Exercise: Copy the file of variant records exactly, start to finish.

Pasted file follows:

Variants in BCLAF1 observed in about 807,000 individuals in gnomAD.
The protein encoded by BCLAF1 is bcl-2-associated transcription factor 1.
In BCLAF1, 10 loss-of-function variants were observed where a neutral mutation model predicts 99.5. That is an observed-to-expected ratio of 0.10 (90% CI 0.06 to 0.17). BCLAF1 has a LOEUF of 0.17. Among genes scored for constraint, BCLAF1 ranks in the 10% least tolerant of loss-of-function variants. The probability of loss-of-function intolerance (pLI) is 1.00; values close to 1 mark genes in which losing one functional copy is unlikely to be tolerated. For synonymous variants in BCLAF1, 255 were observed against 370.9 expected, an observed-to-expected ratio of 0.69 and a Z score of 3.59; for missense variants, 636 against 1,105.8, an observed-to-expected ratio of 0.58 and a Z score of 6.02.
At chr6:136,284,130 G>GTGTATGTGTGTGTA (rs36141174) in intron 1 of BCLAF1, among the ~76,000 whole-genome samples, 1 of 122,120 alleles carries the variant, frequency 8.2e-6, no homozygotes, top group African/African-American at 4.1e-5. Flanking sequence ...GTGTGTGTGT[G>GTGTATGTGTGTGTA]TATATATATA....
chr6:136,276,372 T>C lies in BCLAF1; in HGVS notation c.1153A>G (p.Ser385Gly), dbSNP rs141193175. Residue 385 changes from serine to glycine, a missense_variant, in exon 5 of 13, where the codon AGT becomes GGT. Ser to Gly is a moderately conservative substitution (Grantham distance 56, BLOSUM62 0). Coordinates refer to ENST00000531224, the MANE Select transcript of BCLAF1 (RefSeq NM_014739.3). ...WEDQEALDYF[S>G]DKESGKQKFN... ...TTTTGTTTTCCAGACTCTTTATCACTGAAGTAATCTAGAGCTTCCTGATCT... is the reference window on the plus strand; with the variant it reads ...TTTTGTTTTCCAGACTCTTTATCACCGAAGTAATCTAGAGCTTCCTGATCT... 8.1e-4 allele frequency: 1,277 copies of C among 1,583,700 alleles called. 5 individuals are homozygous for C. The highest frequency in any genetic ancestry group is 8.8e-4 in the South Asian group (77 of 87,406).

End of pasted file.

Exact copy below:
Variants in BCLAF1 observed in about 807,000 individuals in gnomAD.
The protein encoded by BCLAF1 is bcl-2-associated transcription factor 1.
In BCLAF1, 10 loss-of-function variants were observed where a neutral mutation model predicts 99.5. That is an observed-to-expected ratio of 0.10 (90% CI 0.06 to 0.17). BCLAF1 has a LOEUF of 0.17. Among genes scored for constraint, BCLAF1 ranks in the 10% least tolerant of loss-of-function variants. The probability of loss-of-function intolerance (pLI) is 1.00; values close to 1 mark genes in which losing one functional copy is unlikely to be tolerated. For synonymous variants in BCLAF1, 255 were observed against 370.9 expected, an observed-to-expected ratio of 0.69 and a Z score of 3.59; for missense variants, 636 against 1,105.8, an observed-to-expected ratio of 0.58 and a Z score of 6.02.
At chr6:136,284,130 G>GTGTATGTGTGTGTA (rs36141174) in intron 1 of BCLAF1, among the ~76,000 whole-genome samples, 1 of 122,120 alleles carries the variant, frequency 8.2e-6, no homozygotes, top group African/African-American at 4.1e-5. Flanking sequence ...GTGTGTGTGT[G>GTGTATGTGTGTGTA]TATATATATA....
chr6:136,276,372 T>C lies in BCLAF1; in HGVS notation c.1153A>G (p.Ser385Gly), dbSNP rs141193175. Residue 385 changes from serine to glycine, a missense_variant, in exon 5 of 13, where the codon AGT becomes GGT. Ser to Gly is a moderately conservative substitution (Grantham distance 56, BLOSUM62 0). Coordinates refer to ENST00000531224, the MANE Select transcript of BCLAF1 (RefSeq NM_014739.3). ...WEDQEALDYF[S>G]DKESGKQKFN... ...TTTTGTTTTCCAGACTCTTTATCACTGAAGTAATCTAGAGCTTCCTGATCT... is the reference window on the plus strand; with the variant it reads ...TTTTGTTTTCCAGACTCTTTATCACCGAAGTAATCTAGAGCTTCCTGATCT... 8.1e-4 allele frequency: 1,277 copies of C among 1,583,700 alleles called. 5 individuals are homozygous for C. The highest frequency in any genetic ancestry group is 8.8e-4 in the South Asian group (77 of 87,406).